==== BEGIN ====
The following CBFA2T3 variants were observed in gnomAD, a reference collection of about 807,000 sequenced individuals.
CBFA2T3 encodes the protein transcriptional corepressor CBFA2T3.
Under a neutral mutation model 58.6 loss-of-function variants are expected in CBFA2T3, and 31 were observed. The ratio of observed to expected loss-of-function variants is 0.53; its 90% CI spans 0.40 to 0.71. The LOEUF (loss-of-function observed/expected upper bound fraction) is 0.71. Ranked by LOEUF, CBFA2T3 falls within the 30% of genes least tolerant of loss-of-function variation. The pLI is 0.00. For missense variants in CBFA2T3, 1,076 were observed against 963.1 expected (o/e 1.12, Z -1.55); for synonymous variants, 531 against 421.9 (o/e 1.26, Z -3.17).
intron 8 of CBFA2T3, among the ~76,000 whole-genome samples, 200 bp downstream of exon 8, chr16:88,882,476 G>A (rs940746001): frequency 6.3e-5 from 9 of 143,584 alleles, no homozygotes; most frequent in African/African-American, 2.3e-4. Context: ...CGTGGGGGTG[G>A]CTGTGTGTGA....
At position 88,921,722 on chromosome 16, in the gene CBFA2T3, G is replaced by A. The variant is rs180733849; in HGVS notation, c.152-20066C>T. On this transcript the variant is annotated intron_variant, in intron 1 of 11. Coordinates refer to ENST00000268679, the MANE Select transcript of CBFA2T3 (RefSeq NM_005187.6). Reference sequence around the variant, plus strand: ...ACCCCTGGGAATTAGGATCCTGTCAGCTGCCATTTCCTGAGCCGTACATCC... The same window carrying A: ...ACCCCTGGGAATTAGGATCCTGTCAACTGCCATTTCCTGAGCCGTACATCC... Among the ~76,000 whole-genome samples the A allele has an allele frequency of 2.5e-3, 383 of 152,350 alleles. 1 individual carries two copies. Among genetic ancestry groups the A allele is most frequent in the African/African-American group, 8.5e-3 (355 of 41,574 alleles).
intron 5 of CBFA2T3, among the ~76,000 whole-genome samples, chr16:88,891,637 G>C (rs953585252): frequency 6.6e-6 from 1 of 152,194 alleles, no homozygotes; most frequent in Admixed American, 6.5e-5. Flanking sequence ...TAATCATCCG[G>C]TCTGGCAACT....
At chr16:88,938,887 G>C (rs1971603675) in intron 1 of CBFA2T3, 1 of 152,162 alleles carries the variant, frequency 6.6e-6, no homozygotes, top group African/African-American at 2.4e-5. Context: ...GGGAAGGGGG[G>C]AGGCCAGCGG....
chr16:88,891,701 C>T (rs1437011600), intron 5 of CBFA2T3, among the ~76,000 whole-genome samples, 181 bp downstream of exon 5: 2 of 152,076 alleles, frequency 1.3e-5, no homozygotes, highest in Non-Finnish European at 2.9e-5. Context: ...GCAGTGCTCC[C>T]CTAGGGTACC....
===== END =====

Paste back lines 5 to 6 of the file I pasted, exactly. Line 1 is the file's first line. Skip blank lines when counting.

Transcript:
At position 88,921,722 on chromosome 16, in the gene CBFA2T3, G is replaced by A. The variant is rs180733849; in HGVS notation, c.152-20066C>T. On this transcript the variant is annotated intron_variant, in intron 1 of 11. Coordinates refer to ENST00000268679, the MANE Select transcript of CBFA2T3 (RefSeq NM_005187.6). Reference sequence around the variant, plus strand: ...ACCCCTGGGAATTAGGATCCTGTCAGCTGCCATTTCCTGAGCCGTACATCC... The same window carrying A: ...ACCCCTGGGAATTAGGATCCTGTCAACTGCCATTTCCTGAGCCGTACATCC... Among the ~76,000 whole-genome samples the A allele has an allele frequency of 2.5e-3, 383 of 152,350 alleles. 1 individual carries two copies. Among genetic ancestry groups the A allele is most frequent in the African/African-American group, 8.5e-3 (355 of 41,574 alleles).
intron 5 of CBFA2T3, among the ~76,000 whole-genome samples, chr16:88,891,637 G>C (rs953585252): frequency 6.6e-6 from 1 of 152,194 alleles, no homozygotes; most frequent in Admixed American, 6.5e-5. Flanking sequence ...TAATCATCCG[G>C]TCTGGCAACT....